Viñoly, who heads the architectural firm, Rafael Viñoly Architects, PC, which is headquartered in New York City, was selected from a slate of distinguished architects during an architectural competition organized by McGhee at HHMI in 2001. Construction of the building was completed with Turner Construction, Inc., as the contractor; Jacobs Facilities, Inc., as the project manager; and The Mark Winkler Company as the owner's representative.

HHMI's Janelia Farm complex—which includes a laboratory building, conference housing, and apartments for visiting scientists—blends into the natural surroundings of the site and features highly flexible laboratory space that can be adapted easily to meet changing research needs. The centerpiece of the campus is a nearly 1,000-foot-long laboratory building, called the “landscape building,” which if stood on end would equal the size of an 85-story building. But its elongated, gently undulating design conforms to the site's existing topography, and the building is literally built into the gentle slope in the form of three descending planted terraces.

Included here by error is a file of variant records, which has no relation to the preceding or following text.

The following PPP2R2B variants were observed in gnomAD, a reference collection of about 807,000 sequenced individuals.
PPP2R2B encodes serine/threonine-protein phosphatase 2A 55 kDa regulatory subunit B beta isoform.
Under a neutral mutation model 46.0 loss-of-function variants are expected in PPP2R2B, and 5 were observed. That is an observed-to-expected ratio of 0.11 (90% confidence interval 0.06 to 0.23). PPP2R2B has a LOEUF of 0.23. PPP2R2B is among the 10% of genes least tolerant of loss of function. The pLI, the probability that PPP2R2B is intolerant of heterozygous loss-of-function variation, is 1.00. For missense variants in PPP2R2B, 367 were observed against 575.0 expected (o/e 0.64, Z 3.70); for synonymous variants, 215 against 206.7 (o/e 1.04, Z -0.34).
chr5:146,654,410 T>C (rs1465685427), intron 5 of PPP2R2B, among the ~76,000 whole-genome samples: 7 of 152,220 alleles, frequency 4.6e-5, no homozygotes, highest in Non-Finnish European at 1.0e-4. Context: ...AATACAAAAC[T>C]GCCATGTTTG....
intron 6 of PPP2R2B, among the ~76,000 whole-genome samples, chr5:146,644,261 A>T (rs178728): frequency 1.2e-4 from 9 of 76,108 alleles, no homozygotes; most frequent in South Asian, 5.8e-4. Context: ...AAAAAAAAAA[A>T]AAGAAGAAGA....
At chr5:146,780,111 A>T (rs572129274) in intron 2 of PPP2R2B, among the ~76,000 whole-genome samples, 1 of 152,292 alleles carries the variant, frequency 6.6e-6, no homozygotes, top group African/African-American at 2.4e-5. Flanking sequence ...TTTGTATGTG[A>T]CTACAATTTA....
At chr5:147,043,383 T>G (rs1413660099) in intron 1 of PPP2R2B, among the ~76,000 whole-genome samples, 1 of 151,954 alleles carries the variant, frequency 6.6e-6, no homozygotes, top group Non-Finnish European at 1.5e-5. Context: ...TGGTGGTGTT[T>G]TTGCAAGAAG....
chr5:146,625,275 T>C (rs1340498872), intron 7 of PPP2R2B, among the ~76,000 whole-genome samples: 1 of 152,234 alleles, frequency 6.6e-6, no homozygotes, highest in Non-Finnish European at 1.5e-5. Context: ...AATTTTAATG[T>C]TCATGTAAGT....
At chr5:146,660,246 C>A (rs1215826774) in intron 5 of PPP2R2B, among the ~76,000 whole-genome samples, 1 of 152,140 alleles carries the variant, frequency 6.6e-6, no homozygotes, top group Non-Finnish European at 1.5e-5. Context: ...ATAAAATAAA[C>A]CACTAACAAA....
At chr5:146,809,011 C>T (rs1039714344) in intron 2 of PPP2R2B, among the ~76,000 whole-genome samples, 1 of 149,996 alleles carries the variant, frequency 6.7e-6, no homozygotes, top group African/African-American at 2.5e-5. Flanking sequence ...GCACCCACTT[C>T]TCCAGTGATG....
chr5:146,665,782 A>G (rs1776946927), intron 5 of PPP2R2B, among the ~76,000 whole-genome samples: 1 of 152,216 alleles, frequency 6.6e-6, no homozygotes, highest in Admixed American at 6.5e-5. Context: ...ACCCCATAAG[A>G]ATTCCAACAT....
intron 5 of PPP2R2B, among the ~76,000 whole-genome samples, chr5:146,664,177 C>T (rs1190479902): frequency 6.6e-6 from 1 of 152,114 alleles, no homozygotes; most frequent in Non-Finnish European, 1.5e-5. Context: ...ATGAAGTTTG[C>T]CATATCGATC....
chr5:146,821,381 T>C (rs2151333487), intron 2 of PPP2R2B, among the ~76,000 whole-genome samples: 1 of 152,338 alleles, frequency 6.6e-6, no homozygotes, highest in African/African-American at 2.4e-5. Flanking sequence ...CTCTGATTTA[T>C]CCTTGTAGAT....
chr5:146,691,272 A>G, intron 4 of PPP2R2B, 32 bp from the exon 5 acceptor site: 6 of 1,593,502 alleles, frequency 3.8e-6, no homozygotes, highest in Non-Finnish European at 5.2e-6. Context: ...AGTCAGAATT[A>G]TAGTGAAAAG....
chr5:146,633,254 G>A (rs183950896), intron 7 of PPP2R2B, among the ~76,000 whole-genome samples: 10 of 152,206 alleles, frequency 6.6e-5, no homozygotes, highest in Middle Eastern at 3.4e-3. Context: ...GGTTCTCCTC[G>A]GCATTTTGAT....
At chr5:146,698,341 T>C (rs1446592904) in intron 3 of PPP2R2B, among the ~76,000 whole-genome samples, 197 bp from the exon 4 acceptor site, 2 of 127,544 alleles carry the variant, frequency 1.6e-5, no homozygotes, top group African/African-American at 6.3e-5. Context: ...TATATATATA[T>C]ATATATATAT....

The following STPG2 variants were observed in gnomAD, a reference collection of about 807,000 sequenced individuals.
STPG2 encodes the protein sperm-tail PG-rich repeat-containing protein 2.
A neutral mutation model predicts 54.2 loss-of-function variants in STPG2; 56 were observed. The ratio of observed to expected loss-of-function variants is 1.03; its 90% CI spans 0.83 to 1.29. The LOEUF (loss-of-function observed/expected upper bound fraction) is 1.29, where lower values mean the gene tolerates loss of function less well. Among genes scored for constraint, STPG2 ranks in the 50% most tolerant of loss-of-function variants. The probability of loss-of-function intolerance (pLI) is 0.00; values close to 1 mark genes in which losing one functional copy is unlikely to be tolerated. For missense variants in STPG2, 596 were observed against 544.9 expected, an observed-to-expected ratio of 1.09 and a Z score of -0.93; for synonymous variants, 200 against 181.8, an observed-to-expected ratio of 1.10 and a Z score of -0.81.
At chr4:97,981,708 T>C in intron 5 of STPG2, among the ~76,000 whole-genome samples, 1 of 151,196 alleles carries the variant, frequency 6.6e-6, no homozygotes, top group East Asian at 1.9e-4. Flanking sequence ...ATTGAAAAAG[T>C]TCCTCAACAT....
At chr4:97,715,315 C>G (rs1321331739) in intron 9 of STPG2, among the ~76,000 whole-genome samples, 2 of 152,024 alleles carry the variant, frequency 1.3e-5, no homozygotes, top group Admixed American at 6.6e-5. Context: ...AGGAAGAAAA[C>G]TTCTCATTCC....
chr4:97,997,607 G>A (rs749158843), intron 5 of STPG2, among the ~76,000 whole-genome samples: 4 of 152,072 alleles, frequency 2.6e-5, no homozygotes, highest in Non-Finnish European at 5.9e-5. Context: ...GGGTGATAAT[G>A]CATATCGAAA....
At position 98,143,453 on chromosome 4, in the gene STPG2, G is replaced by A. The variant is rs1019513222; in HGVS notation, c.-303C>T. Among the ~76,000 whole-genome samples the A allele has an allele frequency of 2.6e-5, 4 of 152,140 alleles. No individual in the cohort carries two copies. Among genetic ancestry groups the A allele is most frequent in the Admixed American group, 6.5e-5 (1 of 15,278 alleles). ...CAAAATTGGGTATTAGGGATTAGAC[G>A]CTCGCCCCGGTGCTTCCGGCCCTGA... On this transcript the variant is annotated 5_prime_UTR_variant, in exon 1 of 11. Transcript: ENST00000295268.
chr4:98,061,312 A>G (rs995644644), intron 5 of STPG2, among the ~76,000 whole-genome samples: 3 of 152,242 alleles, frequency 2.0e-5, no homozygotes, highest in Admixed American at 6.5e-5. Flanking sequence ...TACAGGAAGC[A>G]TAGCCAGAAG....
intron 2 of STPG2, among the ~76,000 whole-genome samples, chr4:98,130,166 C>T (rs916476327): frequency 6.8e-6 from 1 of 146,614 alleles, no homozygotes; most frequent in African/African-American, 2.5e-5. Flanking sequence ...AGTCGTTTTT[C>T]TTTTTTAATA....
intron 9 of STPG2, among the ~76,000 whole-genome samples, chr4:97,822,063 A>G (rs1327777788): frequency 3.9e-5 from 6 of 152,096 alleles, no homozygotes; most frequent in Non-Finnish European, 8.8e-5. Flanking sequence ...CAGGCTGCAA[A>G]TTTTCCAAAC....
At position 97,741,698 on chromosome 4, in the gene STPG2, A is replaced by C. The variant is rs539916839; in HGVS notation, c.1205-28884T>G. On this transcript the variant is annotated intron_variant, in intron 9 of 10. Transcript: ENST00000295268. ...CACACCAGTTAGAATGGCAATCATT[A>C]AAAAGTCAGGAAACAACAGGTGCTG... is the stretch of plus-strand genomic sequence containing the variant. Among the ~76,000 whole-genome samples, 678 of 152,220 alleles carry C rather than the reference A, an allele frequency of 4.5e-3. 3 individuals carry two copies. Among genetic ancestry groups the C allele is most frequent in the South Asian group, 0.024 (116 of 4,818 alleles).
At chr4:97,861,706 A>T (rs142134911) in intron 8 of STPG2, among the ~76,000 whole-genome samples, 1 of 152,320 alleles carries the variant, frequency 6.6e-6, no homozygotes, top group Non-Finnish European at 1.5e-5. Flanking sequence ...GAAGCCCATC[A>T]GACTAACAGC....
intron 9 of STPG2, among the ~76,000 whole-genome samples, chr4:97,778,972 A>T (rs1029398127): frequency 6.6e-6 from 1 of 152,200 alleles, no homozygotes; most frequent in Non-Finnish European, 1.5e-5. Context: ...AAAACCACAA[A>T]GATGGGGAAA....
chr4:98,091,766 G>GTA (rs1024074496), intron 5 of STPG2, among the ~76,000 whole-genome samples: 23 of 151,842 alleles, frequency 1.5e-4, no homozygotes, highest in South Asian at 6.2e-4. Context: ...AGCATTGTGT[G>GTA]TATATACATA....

As a result, if one stands behind the landscape building, near the manor house, one has a clear, unobstructed view across the Potomac River into the verdant Maryland countryside. The terraces of the landscape building become an indistinguishable part of the sloping meadow below.

Beneath these terraces, the labs, support areas, offices, meeting rooms, and communal spaces are arranged in a three-level stack that is horizontally offset to follow the slope of the site. On the lowest level, overlooking the pond, is the main entrance hall, including large areas for social functions, dining areas, and meeting rooms. The next level, which is above and to the south, contains a long open plan of lab benches, support spaces, and office clusters.